June 2007- Capel Vale, Mil Piedras, Nicolas Potel, Krug

These might be wines that have been reviewed during the month on wine-pages, or have appeared in my newspaper column, or they may be wines from a recent tasting that hasn’t yet been written-up in a full-length report. There is a growing archive of these four of the best choices each month.

under a fiver
Capel Vale (Australia) Mountain Duck Chenin Blanc Chardonnay 2005
Capel Vale’s ‘Mountain Duck’ range is made to be expressively fruity, with little or no oak influence. This humdinger Chenin/Chardonnay blend, in a screwcapped bottle, has vivid lychee, pineapple and tropical fruit brightness, but also a big honeyed core that is luscious and alluring. There’s a little leafy aspect too, with a hint of gooseberry and elderflower. On the palate this is bold, fruity and delicious, and it is brimming with the same luscious but bright and exotic fruit cocktail of flavours. The acidity is really nice here, with a soft edge to lemon and lime, but it stays nicely focused and crisp with its modest 13.5% alcohol. A lovely summery wine, and Thresher’s ‘three for two’ policy means the bottle price falls to £5.32 if you buy a trio. £7.99, Thresher.

under a tenner
Mil Piedras (Argentina) Merlot 2004Mil Piedras employs the services of Michel Rolland, probably the world’s top winemaking consultant. Merlot is Rolland’s tour de force grape, and there were only 2,000 cases made of this example from vineyards in the foothills of the Andes. The first impression on the nose is quite a sumptuous one, with loads of chocolaty berry fruit, an aromatic edge of cedar and Sandalwood and plenty of creamy richness. On the palate this has lovely balance and quality. Sweet bramble and red plum fruit fills the mouth, with a creamy consistency and bittersweet cocoa and liquorice darkness and richness. A little edge of something kirsch-like, with a cherry tang of acidity and quiet complex little Parma violet and blueberry flavours adds a layer of complexity. What a seriously good little wine this is, with both strucure, depth and fruit. £6.95, Sussex Wine Company, but currently on offer at £6.25.£6.25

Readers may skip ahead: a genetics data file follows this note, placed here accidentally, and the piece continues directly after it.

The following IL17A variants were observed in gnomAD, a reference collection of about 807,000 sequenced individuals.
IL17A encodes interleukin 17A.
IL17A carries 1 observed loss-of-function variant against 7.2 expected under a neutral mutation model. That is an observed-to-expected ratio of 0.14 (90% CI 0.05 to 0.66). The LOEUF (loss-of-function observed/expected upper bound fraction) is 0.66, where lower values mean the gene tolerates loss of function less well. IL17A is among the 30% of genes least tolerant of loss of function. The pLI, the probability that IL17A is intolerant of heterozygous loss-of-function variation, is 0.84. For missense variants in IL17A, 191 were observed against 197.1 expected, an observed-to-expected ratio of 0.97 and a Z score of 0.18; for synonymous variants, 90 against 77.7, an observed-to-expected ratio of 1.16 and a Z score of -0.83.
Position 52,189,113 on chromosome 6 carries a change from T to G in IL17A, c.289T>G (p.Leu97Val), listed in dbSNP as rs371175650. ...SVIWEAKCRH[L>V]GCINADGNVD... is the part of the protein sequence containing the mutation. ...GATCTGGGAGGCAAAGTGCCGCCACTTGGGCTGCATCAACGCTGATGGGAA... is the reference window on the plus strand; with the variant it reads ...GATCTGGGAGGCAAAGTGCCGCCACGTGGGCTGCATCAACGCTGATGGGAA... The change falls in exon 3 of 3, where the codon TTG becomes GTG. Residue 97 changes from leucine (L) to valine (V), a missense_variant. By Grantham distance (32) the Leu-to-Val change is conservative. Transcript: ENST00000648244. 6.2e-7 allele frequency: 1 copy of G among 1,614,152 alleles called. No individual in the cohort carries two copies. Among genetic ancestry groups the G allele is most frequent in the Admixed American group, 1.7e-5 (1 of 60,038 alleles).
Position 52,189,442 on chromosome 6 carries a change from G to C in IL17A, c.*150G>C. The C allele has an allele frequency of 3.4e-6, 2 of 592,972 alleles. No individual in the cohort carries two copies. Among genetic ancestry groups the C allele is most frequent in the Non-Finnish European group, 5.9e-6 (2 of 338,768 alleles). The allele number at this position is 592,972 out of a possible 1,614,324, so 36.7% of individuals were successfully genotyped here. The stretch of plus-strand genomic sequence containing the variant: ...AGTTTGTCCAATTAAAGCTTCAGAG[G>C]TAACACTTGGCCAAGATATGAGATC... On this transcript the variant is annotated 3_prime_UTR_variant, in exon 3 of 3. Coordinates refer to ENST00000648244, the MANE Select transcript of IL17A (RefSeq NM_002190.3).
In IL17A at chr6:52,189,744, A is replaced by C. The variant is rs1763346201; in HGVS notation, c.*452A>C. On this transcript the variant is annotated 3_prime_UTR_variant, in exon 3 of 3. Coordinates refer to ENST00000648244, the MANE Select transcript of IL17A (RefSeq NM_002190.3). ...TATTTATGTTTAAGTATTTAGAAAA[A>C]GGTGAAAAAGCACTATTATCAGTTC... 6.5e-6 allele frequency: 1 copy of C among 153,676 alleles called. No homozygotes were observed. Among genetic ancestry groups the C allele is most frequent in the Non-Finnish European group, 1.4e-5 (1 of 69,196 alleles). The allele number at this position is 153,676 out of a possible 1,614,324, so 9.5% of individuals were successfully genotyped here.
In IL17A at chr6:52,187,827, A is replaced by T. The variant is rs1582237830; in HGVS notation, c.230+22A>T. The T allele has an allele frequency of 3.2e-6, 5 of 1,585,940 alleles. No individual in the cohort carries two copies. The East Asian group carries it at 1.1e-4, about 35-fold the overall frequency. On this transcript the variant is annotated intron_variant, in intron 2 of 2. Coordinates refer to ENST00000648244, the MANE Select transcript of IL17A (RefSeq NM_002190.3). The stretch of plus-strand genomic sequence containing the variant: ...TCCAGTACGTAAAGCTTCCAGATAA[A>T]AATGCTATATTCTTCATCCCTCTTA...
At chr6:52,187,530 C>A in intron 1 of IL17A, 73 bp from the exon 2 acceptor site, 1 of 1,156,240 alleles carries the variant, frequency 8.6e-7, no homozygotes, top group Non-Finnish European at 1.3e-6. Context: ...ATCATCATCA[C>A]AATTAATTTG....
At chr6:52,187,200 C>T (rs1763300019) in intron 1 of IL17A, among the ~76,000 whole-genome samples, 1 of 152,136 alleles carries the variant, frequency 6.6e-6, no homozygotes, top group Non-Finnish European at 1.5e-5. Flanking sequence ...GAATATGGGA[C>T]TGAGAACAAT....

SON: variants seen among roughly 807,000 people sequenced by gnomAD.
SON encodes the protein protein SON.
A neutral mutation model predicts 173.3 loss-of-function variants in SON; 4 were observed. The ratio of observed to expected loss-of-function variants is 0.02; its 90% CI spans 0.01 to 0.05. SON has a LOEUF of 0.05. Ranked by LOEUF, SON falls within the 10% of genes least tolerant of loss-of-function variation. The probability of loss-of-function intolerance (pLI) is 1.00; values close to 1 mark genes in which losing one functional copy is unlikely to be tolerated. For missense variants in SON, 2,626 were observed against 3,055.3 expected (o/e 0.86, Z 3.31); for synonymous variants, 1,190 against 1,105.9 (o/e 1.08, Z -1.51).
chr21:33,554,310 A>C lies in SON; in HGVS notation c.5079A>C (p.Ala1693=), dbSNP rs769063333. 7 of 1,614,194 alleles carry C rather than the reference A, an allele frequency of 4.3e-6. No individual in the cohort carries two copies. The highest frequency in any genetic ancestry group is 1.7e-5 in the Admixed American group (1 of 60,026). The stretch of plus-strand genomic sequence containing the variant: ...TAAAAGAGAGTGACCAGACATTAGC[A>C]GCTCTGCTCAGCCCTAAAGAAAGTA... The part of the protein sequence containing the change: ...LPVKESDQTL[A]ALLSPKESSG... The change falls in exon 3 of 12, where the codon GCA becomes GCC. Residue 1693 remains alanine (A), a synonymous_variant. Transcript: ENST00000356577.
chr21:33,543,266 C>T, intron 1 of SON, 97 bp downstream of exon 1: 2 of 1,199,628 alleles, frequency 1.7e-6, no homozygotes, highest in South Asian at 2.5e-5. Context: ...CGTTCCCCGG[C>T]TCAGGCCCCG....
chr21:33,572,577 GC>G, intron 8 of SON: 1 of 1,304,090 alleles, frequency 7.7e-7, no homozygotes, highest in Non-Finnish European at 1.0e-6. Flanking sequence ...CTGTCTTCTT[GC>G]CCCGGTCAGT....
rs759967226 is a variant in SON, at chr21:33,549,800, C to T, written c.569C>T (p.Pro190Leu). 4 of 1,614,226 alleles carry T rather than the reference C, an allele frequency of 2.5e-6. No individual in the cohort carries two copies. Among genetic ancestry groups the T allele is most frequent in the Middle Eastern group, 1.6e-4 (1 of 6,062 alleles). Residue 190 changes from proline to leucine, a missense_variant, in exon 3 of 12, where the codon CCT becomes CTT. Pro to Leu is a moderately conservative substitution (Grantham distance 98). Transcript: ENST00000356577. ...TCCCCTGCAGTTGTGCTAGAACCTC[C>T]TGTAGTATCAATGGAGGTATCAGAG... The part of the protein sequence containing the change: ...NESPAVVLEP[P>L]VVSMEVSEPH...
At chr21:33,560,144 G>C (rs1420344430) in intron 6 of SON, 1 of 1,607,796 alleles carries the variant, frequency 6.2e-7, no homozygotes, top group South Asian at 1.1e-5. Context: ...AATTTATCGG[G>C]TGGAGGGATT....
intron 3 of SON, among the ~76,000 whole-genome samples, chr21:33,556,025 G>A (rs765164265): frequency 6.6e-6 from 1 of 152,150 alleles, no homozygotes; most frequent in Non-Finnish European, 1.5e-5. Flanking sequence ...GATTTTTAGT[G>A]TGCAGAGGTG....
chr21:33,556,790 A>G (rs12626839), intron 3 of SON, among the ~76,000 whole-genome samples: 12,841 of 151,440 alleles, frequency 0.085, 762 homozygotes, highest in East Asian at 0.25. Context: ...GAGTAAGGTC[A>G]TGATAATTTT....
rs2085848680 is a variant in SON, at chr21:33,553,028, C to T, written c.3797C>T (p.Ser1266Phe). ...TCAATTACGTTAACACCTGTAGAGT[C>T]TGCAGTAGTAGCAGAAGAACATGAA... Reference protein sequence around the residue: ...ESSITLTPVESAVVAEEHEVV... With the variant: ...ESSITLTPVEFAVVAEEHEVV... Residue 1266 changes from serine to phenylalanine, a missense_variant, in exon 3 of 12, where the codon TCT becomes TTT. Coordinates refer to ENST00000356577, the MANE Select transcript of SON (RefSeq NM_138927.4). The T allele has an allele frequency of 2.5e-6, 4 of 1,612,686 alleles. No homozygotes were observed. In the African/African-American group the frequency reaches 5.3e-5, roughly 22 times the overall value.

under twenty
Berry’s Extra Ordinary Red Burgundy (France) 2005
Made by Nicolas Potel, one of Burgundy’s hottest young winemakers. From an extremely good vintage, this has a vibrant but delicate garnet colour, and a very expressive Pinot Noir nose of sweet, damp earth, sous-bois and gentle cherry fruit. There is spice and a lick of sweet vanillin in the background. On the palate this wine has lovely poise and precision: there’s a freshness about the crisp raspberry and red cherry fruit, and just a gentle support of truffly, leafy character and background oak. This wine is long and focused, and the role played by the wood – adding gentle spice and toast – is always secondary to the refined fruit and crisp tannin and acid structure. £11.95, Berry Bros & Rudd, or £10.75 by the case.

sky’s the limit
Krug (Fance) Vintage Champagne 1996
The brand new release from Krug is a lovely, delicate, but really quite deep lemony yellow colour. On the nose, it is very open and expressive already, with lots of sour lemons, a touch of nettle, and a gentle, buttery toastiness. This seems more open at this stage than the 1995 (tasted in April), with a fairly vivacious personality, but complex hints of white flowers and toffee. On the palate it has a terrifically zesty, razor sharp core of lemon fruit, with excellent acidity, but also a sense of fat and richness on the mid-palate. The fruit broadens slightly, taking on a little more plumpness, but the focus and precision pulls it powerfully through to the finish. There is a tiny hint of creamy richness right in the finish that helps make this a very approachable and delicious young Krug, but the it undoubtedly has the balance and central spine to age very gracefully too if you choose to cellar it. Without question an outstanding wine, and one that will drink earlier than 1995. Around £150.